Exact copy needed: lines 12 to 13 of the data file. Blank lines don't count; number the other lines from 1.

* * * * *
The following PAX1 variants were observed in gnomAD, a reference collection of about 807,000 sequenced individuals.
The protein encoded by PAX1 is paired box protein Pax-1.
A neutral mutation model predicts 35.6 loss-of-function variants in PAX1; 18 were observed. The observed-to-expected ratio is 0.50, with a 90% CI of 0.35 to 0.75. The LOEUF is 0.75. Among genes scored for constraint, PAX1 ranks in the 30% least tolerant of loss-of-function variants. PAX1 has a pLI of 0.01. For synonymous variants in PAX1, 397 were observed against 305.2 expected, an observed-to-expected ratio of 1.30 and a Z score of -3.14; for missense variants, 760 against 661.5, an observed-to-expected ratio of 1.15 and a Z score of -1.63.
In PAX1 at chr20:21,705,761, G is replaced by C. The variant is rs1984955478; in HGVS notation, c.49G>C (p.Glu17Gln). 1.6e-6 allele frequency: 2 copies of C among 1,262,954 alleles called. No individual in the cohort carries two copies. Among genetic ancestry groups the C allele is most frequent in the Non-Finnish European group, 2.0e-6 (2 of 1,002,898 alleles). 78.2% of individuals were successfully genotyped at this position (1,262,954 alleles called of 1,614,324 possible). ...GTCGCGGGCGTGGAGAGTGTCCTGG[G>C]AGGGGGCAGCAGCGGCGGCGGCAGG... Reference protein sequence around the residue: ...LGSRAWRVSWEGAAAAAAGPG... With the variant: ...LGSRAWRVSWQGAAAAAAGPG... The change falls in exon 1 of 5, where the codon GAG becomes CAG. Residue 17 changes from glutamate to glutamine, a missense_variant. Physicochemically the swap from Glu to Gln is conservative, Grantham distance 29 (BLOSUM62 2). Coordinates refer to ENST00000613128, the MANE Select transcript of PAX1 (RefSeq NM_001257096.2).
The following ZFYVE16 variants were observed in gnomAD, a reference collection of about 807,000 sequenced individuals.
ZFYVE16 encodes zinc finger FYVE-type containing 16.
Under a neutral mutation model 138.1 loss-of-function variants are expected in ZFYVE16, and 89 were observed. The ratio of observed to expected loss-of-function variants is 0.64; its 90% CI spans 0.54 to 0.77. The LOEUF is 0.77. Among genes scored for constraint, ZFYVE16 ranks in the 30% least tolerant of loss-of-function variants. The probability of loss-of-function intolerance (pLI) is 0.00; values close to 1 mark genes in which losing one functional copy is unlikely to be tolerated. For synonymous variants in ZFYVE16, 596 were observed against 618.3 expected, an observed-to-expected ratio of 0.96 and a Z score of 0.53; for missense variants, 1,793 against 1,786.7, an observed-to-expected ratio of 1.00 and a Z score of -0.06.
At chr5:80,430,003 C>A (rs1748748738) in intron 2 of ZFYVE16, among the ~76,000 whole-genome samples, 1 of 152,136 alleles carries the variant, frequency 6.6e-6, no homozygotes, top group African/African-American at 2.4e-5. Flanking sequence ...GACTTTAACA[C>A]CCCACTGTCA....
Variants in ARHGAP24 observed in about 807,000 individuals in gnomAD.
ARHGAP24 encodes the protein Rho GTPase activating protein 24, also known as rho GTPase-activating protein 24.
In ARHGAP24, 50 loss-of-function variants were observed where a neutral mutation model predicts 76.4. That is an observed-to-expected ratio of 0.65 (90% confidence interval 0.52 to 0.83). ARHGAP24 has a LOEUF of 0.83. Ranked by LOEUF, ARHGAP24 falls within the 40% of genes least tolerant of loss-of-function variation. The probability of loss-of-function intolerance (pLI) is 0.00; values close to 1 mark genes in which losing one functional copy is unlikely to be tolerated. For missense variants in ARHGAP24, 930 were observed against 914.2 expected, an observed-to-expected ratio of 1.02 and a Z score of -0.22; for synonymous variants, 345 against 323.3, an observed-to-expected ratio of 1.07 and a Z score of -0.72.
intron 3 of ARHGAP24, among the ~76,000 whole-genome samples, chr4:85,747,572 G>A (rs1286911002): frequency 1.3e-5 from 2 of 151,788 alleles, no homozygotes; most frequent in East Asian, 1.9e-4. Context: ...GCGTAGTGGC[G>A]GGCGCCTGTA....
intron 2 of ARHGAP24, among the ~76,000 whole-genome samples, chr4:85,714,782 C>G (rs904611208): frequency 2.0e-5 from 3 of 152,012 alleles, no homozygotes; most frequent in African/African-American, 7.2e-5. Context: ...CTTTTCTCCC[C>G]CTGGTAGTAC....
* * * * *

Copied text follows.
intron 3 of ARHGAP24, among the ~76,000 whole-genome samples, chr4:85,747,572 G>A (rs1286911002): frequency 1.3e-5 from 2 of 151,788 alleles, no homozygotes; most frequent in East Asian, 1.9e-4. Context: ...GCGTAGTGGC[G>A]GGCGCCTGTA....
intron 2 of ARHGAP24, among the ~76,000 whole-genome samples, chr4:85,714,782 C>G (rs904611208): frequency 2.0e-5 from 3 of 152,012 alleles, no homozygotes; most frequent in African/African-American, 7.2e-5. Context: ...CTTTTCTCCC[C>G]CTGGTAGTAC....